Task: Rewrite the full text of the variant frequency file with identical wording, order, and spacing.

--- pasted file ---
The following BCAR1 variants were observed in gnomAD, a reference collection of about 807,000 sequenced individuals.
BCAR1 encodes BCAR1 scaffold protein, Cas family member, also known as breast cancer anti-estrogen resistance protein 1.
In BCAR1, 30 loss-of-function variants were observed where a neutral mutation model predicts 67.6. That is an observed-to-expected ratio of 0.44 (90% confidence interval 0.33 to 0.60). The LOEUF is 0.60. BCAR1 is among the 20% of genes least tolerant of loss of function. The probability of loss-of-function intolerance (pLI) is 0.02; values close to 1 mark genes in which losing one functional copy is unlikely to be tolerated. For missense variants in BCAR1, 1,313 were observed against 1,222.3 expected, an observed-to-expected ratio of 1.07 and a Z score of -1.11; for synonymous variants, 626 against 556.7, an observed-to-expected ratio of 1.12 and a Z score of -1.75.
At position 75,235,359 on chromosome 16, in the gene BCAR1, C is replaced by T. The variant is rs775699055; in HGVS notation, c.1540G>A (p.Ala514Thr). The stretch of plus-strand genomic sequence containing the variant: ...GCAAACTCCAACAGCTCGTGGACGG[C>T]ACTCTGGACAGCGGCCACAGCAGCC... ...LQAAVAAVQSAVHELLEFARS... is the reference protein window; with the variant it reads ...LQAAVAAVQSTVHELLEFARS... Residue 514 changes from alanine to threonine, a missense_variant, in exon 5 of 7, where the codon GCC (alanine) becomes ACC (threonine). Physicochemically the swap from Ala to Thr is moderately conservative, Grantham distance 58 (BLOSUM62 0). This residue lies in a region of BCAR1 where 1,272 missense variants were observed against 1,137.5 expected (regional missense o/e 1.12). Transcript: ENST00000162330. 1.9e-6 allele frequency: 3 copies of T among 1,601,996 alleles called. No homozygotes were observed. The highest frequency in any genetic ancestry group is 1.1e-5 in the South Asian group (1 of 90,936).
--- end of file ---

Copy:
The following BCAR1 variants were observed in gnomAD, a reference collection of about 807,000 sequenced individuals.
BCAR1 encodes BCAR1 scaffold protein, Cas family member, also known as breast cancer anti-estrogen resistance protein 1.
In BCAR1, 30 loss-of-function variants were observed where a neutral mutation model predicts 67.6. That is an observed-to-expected ratio of 0.44 (90% confidence interval 0.33 to 0.60). The LOEUF is 0.60. BCAR1 is among the 20% of genes least tolerant of loss of function. The probability of loss-of-function intolerance (pLI) is 0.02; values close to 1 mark genes in which losing one functional copy is unlikely to be tolerated. For missense variants in BCAR1, 1,313 were observed against 1,222.3 expected, an observed-to-expected ratio of 1.07 and a Z score of -1.11; for synonymous variants, 626 against 556.7, an observed-to-expected ratio of 1.12 and a Z score of -1.75.
At position 75,235,359 on chromosome 16, in the gene BCAR1, C is replaced by T. The variant is rs775699055; in HGVS notation, c.1540G>A (p.Ala514Thr). The stretch of plus-strand genomic sequence containing the variant: ...GCAAACTCCAACAGCTCGTGGACGG[C>T]ACTCTGGACAGCGGCCACAGCAGCC... ...LQAAVAAVQSAVHELLEFARS... is the reference protein window; with the variant it reads ...LQAAVAAVQSTVHELLEFARS... Residue 514 changes from alanine to threonine, a missense_variant, in exon 5 of 7, where the codon GCC (alanine) becomes ACC (threonine). Physicochemically the swap from Ala to Thr is moderately conservative, Grantham distance 58 (BLOSUM62 0). This residue lies in a region of BCAR1 where 1,272 missense variants were observed against 1,137.5 expected (regional missense o/e 1.12). Transcript: ENST00000162330. 1.9e-6 allele frequency: 3 copies of T among 1,601,996 alleles called. No homozygotes were observed. The highest frequency in any genetic ancestry group is 1.1e-5 in the South Asian group (1 of 90,936).